Five Bronte Sisters Novels
Jane Eyre, Charlotte Bronte – The novel focuses on the romance between Jane and Rochester, but Bronte clearly reveals a feminist message through a heroine arguing for sexual equality and refusing to adhere fully to the restrictive expectations of early Victorian society. Original illustrations by Jenny Thorne.
Villette, Charlotte Bronte – Arguably Brontë’s most refined and deeply felt work, Villette draws on her profound loneliness following the deaths of her three siblings. Lucy Snowe, the narrator of Villette, flees from an unhappy past in England to begin a new file as a teacher at a French boarding school in the great cosmopolitan capital of Villette. Soon Lucy’s struggle for independence is overshadowed by both her friendship with a worldly English doctor and her feelings for an autocratic schoolmaster. Brontë’s strikingly modern heroine must decide if there is any man in her society with whom she can live and still be free. Original illustrations by Sandra Archibald.
Shirley, Charlotte Bronte – Set in the industrializing England of the Napoleonic wars and Luddite revolts of 1811-12, Shirley (1849) is the story of two contrasting heroines. One is the shy Caroline Helstone, who is trapped in the oppressive atmosphere of a Yorkshire rectory and whose bare life symbolizes the plight of single women in the nineteenth century. The other is the vivacious Shirley Keeldar, who inherits a local estate and whose wealth liberates her from convention. Original illustrations by Elisabeth Trimby.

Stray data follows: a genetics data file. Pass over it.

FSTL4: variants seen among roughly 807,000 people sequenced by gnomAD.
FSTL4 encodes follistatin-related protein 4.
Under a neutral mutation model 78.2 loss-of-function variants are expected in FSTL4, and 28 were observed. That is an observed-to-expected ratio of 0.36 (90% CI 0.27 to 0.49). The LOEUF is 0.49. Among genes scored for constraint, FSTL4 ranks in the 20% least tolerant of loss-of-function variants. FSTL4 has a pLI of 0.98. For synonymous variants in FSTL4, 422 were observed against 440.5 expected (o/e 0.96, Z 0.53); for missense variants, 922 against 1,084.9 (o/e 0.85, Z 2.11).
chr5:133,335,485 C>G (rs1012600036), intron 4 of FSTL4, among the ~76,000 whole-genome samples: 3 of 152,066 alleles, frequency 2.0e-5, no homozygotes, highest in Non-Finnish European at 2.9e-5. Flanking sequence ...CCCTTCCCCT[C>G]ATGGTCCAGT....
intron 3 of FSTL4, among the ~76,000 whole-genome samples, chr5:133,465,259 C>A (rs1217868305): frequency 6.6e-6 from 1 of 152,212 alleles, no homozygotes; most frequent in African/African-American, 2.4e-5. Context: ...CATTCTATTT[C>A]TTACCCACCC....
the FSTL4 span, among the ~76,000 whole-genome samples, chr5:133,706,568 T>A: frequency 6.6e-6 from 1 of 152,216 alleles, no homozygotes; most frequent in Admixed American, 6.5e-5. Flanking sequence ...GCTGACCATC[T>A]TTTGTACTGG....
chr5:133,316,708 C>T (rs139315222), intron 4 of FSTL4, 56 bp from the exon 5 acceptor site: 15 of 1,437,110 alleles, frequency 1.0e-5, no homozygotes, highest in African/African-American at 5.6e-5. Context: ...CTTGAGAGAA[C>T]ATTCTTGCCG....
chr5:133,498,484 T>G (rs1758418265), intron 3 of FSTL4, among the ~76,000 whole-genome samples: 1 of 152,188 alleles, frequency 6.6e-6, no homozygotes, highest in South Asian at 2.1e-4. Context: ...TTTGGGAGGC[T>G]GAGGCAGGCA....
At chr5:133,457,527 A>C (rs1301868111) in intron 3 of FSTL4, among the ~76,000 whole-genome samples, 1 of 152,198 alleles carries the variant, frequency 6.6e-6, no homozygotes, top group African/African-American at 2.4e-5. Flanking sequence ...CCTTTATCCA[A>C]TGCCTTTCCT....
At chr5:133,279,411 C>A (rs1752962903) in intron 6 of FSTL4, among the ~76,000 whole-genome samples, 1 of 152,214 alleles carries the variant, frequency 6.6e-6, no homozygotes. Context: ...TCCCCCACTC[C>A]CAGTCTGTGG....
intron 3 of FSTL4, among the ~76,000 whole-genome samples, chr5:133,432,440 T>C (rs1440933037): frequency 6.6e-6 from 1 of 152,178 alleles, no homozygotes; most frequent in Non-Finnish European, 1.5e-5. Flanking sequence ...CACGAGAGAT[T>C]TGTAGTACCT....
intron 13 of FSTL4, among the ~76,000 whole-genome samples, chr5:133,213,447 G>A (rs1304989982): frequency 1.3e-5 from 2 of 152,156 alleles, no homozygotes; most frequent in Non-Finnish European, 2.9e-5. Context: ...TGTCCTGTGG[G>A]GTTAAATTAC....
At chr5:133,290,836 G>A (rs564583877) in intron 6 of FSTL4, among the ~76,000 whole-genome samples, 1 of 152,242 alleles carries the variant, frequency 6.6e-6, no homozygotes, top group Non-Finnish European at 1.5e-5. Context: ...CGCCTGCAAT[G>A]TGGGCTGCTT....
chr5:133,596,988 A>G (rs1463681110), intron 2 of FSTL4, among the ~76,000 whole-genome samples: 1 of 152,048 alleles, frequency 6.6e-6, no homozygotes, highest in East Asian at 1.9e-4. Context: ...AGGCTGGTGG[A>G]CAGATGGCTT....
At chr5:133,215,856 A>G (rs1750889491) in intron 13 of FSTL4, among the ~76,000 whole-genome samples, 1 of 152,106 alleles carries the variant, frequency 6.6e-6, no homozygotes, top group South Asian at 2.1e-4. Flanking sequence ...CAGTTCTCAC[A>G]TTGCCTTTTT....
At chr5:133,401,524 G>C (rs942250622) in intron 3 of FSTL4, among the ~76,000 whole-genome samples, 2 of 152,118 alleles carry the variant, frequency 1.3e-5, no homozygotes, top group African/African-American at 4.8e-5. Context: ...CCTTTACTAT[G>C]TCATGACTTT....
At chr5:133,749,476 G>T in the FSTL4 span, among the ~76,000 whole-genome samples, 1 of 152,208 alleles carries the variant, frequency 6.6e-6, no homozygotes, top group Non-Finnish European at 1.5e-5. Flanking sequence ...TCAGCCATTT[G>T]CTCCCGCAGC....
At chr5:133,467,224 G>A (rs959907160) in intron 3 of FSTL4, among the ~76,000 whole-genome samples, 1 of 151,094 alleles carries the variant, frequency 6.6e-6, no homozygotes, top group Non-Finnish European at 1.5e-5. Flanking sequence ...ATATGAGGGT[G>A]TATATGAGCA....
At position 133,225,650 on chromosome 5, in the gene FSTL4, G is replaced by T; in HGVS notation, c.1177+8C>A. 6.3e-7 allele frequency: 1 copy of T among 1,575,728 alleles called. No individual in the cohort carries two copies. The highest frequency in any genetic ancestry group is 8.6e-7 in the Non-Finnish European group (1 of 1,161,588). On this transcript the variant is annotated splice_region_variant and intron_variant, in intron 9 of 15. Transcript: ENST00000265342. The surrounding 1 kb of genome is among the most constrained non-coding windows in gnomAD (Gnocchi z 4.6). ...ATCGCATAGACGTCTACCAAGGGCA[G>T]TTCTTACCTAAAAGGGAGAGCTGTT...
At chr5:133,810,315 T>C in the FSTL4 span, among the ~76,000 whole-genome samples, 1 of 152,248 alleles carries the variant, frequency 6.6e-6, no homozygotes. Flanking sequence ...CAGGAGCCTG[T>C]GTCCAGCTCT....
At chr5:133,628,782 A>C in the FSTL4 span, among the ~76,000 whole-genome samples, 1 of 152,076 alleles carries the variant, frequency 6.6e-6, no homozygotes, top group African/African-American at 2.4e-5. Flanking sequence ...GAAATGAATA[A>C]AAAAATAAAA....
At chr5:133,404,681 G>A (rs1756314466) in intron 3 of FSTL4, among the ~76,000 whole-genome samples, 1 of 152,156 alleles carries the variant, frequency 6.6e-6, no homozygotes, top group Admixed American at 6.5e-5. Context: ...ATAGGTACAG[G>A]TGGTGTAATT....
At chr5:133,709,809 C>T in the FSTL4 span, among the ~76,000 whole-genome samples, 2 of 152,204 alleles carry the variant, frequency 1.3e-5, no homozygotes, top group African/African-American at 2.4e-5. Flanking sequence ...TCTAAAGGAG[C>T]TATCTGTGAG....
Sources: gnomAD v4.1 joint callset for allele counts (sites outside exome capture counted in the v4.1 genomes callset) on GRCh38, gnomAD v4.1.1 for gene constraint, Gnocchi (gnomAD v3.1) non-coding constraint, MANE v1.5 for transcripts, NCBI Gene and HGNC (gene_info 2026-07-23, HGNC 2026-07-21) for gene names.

The Tennant of Wildfell Hall, Anne Bronte – Gilbert Markham is deeply intrigued by Helen Graham, a beautiful and secretive young woman who has moved into nearby Wildfell Hall with her young son. He is quick to offer Helen his friendship, but when her reclusive behavior becomes the subject of local gossip and speculation, Gilbert begins to wonder whether his trust in her has been misplaced. It is only when she allows Gilbert to read her diary that the truth is revealed and the shocking details of the disastrous marriage she has left behind emerge.
Wuthering Heights, Emily Bronte – There are few more convincing, less sentimental accounts of love than Wuthering Heights. This is the story of a tormented foundling who falls in love with the daughter of his benefactor, and of the violence and misery that result from their thwarted longing for each other. Original illustrations by Arthur Wragg.
- Publisher Heron Books, London; 1979
- Hardback, 555, 594, 506, 508, 389, 350
- Illustrated in b/w
- Size 205 x 125mm, 3kg
Condition: Good – Light Edgewear to Villette, No Inscriptions, Good Copies
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